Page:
DBS Bank's recent coup in being named the world's best digital bank is testament to the strides it has taken in transforming the bank's core systems and culture, chief executive Piyush Gupta said yesterday.
But Mr Gupta added that the work was far from over.
DBS was given the accolade last week in London by finance magazine Euromoney at its annual Awards for Excellence.
The magazine also named DBS as Asia's best bank - the first time that a Singapore bank has been given the gong, which has historically been won by the Asian operations of American and European banks.
Speaking to the media in Singapore, Mr Gupta said the bank was extremely pleased to have been given the digital bank award over fellow shortlisted nominees BBVA, Citi and ING - all global players well known for innovation.
Euromoney cited the pervasive nature of DBS' digital strategy, which has spread across all aspects of the bank, from corporate and consumer banking to the DBS Foundation. "I think we have been able to create a culture and environment which is really all-pervasive. In fact, I like to say now we are a 22,000-people start-up," Mr Gupta said.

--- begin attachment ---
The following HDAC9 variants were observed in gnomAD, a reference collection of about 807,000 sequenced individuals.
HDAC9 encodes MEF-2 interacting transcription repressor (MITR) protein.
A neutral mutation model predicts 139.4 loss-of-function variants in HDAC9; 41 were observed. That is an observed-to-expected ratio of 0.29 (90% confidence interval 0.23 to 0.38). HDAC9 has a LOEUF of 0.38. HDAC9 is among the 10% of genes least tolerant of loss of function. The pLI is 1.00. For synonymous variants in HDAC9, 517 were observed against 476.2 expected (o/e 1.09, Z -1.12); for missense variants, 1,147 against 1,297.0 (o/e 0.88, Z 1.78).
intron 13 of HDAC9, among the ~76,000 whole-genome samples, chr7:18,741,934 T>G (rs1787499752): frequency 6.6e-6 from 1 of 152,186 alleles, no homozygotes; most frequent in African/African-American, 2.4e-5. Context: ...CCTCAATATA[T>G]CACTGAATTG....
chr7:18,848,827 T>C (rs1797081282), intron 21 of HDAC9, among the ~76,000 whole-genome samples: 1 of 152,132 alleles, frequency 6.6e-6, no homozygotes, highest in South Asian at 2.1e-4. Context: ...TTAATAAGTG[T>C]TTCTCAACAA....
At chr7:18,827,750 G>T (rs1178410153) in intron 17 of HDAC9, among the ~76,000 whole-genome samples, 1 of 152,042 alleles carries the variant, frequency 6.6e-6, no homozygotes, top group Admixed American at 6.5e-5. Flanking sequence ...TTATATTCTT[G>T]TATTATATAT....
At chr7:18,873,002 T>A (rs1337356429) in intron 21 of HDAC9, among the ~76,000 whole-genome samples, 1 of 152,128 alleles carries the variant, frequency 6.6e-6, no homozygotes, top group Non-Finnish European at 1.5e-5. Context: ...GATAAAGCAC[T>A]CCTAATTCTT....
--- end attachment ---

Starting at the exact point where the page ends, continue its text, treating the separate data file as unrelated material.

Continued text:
Since 2009, the bank has spent "almost a couple of billion dollars" on rebuilding its core banking systems and IT architecture, which has enabled it to be nimbler and develop new applications, products and services much faster than before.
While the big investments are out of the way, DBS still has work to do in getting its tech infrastructure to the next level, Mr Gupta said.
"Our technology, while it is now very efficient and nimble, is still not cloud-based, and so, for the next two to three years, our agenda is to migrate further to cloud-based technology. Today, we still run on mainframes and large machines."
At the same time, the bank makes sure to work with a range of external partners, such as A*Star, Microsoft and the Singapore Management University, to "experiment with everything", Mr Gupta added.
"We have experiments in biometrics, voice, block chain, cloud technology, data analytics - we have a lot of experiments running in different areas."
DBS' digital transformation has also meant that the bank is taking a more active approach towards retraining staff so that their skills stay up to date, he said, adding that some jobs will likely become obsolete with technology.
The bank has also changed the way it hires new talent, he added.
"We want people who have skills. I'm happy to hire someone with a polytechnic diploma with graphic design skills, for example, or is a UX (user experience) programmer. That's a lot more relevant to me than somebody who's got a degree in history."